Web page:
If you’d like to see the footage of me taking my turn reading in the jail cell, click here. (I get started around the 6:00 minute mark.)
As Banned Books Week comes to a close, I wanted to share my experience and thoughts about reading a banned/challenged book in a jail cell at DML East Branch Library earlier this week.
Books have always been a major part of my life. I have several memories of my dad in the summer yelling at my sister and me to stop reading and go outside to play like “normal” kids. So we’d shuffle outside. When he’d come out to check on us a little while later we’d be reading in lawn chairs outside and he would start yelling again. It wouldn’t be for many more years that he’d realize reading was playing for us.
What’s really shocking about Banned Books Week is learning about how many of your most beloved books have been challenged or banned. Pretty much every classic piece of literature has been challenged or banned somewhere and all of the books that defined your childhood were too. It’s sort of makes you feel like a rebel of some kind.
The best way to celebrate Banned Books Week is not to get in the way of people who want to explore the human experience through the written word and this starts at the individual level as far as I’m concerned. I went to elementary and middle school at a time when tracking students was popular. They decided when you were really, really young whether you were smart, average, or below average and kept you with others of your type throughout. When we were all dumped together in high school, I couldn’t understand the kids who said they “don’t read.” It wasn’t until I started working at the library that I saw how people grow up thinking that reading is terrible. So often I would hear parents yell at their kids for trying to check out or read books that weren’t at their own level, shaming them into putting them back. I won’t even go into how many times I heard “You know you’re not allowed to check out books, now go get a DVD so we can go home!” My parents did right by my sister and me by letting us pick out books that were too old for us. Our reading levels were higher than normal and any books that were too difficult to understand (e.g. War and Peace) we set aside for another time.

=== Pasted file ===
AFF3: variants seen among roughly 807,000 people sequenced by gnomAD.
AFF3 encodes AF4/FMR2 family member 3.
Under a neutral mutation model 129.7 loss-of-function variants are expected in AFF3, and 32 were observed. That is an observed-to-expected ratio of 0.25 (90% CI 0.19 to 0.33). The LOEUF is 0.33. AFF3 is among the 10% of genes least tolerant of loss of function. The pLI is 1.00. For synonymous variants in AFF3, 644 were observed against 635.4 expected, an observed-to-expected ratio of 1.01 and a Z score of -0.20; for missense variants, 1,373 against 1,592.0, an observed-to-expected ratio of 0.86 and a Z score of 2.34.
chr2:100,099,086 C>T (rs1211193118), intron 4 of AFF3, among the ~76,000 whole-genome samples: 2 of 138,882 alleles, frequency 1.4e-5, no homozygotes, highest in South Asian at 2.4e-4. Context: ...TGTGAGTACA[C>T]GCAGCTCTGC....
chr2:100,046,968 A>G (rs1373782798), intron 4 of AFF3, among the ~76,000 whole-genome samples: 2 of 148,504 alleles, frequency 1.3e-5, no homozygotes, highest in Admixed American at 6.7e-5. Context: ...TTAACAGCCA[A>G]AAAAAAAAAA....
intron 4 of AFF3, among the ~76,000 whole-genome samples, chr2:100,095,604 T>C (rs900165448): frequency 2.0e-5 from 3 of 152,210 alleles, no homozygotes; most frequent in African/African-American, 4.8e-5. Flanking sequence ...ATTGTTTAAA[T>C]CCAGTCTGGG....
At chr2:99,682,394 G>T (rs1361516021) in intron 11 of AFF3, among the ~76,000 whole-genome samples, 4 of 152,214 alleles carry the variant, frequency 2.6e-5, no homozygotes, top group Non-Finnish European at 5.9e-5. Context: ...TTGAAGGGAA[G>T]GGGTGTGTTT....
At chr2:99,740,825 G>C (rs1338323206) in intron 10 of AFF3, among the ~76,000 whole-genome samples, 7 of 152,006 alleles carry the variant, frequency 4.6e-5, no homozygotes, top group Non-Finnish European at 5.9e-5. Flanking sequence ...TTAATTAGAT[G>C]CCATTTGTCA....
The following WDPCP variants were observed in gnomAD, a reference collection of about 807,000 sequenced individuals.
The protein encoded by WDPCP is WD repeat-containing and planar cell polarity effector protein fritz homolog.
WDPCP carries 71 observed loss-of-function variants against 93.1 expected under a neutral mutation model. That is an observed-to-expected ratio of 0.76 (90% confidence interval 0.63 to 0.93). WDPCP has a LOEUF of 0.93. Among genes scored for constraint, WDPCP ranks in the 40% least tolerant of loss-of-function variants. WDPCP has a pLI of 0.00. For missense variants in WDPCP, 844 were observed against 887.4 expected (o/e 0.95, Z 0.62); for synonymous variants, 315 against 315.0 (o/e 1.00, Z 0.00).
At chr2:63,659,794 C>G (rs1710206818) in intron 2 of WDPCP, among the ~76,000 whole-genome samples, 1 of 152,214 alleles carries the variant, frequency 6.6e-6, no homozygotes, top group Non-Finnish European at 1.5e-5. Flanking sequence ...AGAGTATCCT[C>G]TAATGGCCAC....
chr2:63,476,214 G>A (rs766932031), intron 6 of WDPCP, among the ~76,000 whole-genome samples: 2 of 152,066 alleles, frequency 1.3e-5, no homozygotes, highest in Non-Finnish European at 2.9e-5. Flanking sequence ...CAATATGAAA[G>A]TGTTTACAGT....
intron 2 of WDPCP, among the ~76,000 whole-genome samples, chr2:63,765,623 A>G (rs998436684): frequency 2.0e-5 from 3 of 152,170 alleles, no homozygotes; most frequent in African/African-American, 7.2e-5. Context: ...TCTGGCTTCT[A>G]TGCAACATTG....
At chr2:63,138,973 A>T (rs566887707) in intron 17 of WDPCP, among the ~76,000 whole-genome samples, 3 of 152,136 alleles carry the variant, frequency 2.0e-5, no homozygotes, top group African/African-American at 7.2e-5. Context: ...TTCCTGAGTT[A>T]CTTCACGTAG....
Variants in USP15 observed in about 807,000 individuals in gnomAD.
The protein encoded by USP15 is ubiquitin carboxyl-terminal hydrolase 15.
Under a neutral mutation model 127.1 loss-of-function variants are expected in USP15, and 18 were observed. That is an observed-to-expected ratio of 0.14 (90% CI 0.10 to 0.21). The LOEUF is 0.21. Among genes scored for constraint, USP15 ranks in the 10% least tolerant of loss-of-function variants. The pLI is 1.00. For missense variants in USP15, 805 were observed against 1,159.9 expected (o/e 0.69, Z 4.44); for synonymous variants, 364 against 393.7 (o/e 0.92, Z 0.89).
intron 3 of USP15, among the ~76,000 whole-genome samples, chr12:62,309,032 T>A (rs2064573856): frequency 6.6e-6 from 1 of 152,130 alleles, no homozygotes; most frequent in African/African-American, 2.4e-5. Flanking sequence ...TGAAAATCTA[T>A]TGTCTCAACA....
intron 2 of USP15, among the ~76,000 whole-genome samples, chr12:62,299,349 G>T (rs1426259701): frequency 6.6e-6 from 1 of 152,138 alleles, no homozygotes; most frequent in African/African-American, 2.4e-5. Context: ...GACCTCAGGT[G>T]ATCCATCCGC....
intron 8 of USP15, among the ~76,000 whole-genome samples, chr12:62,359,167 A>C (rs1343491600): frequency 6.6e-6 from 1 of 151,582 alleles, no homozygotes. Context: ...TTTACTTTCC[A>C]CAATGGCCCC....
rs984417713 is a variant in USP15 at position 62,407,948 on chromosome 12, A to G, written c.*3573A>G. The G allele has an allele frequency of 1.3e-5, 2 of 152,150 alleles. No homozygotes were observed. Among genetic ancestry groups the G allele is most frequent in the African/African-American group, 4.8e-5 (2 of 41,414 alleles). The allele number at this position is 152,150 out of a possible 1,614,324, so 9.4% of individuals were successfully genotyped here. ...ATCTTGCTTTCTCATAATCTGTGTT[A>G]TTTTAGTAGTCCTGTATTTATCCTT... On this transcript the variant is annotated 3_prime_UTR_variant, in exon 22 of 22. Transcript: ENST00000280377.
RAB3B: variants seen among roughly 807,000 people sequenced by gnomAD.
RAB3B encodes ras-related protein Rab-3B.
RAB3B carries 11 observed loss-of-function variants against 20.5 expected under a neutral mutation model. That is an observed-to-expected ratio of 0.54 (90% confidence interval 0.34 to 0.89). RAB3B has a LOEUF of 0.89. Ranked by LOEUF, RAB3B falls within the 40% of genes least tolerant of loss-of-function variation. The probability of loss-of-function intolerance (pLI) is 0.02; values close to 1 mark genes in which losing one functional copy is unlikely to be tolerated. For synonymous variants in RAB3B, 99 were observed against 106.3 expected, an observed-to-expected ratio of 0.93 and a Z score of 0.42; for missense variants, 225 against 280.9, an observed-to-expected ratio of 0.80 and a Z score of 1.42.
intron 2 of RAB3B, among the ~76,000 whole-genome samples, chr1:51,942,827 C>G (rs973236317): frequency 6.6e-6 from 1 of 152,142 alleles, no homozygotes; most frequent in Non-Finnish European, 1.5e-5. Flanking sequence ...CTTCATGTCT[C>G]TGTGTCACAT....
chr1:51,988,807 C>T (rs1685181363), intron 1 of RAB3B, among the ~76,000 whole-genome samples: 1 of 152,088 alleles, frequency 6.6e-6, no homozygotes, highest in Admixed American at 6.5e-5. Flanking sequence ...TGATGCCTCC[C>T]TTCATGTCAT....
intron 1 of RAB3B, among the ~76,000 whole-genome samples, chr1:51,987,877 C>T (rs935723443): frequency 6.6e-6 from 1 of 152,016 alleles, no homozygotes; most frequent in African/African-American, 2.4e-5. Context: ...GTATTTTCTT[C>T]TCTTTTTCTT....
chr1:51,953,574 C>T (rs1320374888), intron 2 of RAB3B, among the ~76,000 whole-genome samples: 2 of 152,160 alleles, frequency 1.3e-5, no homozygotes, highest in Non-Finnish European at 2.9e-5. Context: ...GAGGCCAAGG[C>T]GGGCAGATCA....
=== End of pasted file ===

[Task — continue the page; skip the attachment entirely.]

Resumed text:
Back to reading in the jail cell, it was a lot of fun – especially since I was reading one of my favorite books, The Perks of Being a Wallflower by Stephen Chbosky. It was neat because the first time I experienced this book was when it was read aloud to us in high school AP English by our student teacher, Ms. Grise. It meant the world to us at the time and it really stuck with me in a meaningful way.
Welcome!I love Dayton, I've lived here for all of my 26 years and don't plan on settling anywhere else. I started this blog as a way to showcase the best of Dayton (as seen through my perspective) and also to share some of the things that occupy space in my mind, namely beauty, home decor, quotes, and various aspects of my life.
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